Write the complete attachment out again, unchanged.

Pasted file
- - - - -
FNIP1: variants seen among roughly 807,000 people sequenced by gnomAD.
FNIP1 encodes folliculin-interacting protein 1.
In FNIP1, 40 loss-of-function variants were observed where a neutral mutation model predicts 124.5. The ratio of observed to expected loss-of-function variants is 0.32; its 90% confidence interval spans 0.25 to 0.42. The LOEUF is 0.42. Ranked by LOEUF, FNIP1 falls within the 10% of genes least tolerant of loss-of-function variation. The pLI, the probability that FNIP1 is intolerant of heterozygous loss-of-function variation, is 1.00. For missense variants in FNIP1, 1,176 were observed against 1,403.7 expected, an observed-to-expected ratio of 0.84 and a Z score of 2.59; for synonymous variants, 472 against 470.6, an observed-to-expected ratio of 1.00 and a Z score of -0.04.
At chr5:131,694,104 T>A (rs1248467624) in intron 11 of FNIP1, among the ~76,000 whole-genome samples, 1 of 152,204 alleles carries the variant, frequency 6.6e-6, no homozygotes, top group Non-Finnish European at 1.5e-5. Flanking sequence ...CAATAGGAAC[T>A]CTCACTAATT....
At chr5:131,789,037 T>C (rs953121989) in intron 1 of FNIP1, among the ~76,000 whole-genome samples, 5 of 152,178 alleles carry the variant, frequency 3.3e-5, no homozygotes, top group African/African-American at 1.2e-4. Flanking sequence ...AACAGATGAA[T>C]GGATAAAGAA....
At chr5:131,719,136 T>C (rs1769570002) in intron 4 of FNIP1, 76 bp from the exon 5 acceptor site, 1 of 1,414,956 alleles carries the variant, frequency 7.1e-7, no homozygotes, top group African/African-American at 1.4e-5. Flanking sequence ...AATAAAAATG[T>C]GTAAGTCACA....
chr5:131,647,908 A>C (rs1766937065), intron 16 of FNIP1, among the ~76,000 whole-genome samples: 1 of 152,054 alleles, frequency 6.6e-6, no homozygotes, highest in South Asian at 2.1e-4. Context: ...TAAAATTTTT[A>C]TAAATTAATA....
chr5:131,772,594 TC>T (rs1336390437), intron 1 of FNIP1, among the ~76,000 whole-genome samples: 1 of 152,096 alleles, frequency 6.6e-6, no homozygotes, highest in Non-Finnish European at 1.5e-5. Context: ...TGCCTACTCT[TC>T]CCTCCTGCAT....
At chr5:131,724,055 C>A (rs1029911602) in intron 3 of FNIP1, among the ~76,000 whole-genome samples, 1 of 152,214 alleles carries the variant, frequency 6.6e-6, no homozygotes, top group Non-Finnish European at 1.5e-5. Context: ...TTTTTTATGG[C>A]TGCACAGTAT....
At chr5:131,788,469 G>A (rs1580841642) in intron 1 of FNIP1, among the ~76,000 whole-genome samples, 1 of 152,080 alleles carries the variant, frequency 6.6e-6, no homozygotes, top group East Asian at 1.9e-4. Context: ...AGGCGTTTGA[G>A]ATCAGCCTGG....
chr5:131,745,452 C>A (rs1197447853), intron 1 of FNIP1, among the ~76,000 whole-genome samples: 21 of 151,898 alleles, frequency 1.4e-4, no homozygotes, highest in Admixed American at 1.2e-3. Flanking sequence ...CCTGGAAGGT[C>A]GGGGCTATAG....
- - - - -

FNIP1: variants seen among roughly 807,000 people sequenced by gnomAD.
FNIP1 encodes folliculin-interacting protein 1.
In FNIP1, 40 loss-of-function variants were observed where a neutral mutation model predicts 124.5. The ratio of observed to expected loss-of-function variants is 0.32; its 90% confidence interval spans 0.25 to 0.42. The LOEUF is 0.42. Ranked by LOEUF, FNIP1 falls within the 10% of genes least tolerant of loss-of-function variation. The pLI, the probability that FNIP1 is intolerant of heterozygous loss-of-function variation, is 1.00. For missense variants in FNIP1, 1,176 were observed against 1,403.7 expected, an observed-to-expected ratio of 0.84 and a Z score of 2.59; for synonymous variants, 472 against 470.6, an observed-to-expected ratio of 1.00 and a Z score of -0.04.
At chr5:131,694,104 T>A (rs1248467624) in intron 11 of FNIP1, among the ~76,000 whole-genome samples, 1 of 152,204 alleles carries the variant, frequency 6.6e-6, no homozygotes, top group Non-Finnish European at 1.5e-5. Flanking sequence ...CAATAGGAAC[T>A]CTCACTAATT....
At chr5:131,789,037 T>C (rs953121989) in intron 1 of FNIP1, among the ~76,000 whole-genome samples, 5 of 152,178 alleles carry the variant, frequency 3.3e-5, no homozygotes, top group African/African-American at 1.2e-4. Flanking sequence ...AACAGATGAA[T>C]GGATAAAGAA....
At chr5:131,719,136 T>C (rs1769570002) in intron 4 of FNIP1, 76 bp from the exon 5 acceptor site, 1 of 1,414,956 alleles carries the variant, frequency 7.1e-7, no homozygotes, top group African/African-American at 1.4e-5. Flanking sequence ...AATAAAAATG[T>C]GTAAGTCACA....
chr5:131,647,908 A>C (rs1766937065), intron 16 of FNIP1, among the ~76,000 whole-genome samples: 1 of 152,054 alleles, frequency 6.6e-6, no homozygotes, highest in South Asian at 2.1e-4. Context: ...TAAAATTTTT[A>C]TAAATTAATA....
chr5:131,772,594 TC>T (rs1336390437), intron 1 of FNIP1, among the ~76,000 whole-genome samples: 1 of 152,096 alleles, frequency 6.6e-6, no homozygotes, highest in Non-Finnish European at 1.5e-5. Context: ...TGCCTACTCT[TC>T]CCTCCTGCAT....
At chr5:131,724,055 C>A (rs1029911602) in intron 3 of FNIP1, among the ~76,000 whole-genome samples, 1 of 152,214 alleles carries the variant, frequency 6.6e-6, no homozygotes, top group Non-Finnish European at 1.5e-5. Context: ...TTTTTTATGG[C>A]TGCACAGTAT....
At chr5:131,788,469 G>A (rs1580841642) in intron 1 of FNIP1, among the ~76,000 whole-genome samples, 1 of 152,080 alleles carries the variant, frequency 6.6e-6, no homozygotes, top group East Asian at 1.9e-4. Context: ...AGGCGTTTGA[G>A]ATCAGCCTGG....
chr5:131,745,452 C>A (rs1197447853), intron 1 of FNIP1, among the ~76,000 whole-genome samples: 21 of 151,898 alleles, frequency 1.4e-4, no homozygotes, highest in Admixed American at 1.2e-3. Flanking sequence ...CCTGGAAGGT[C>A]GGGGCTATAG....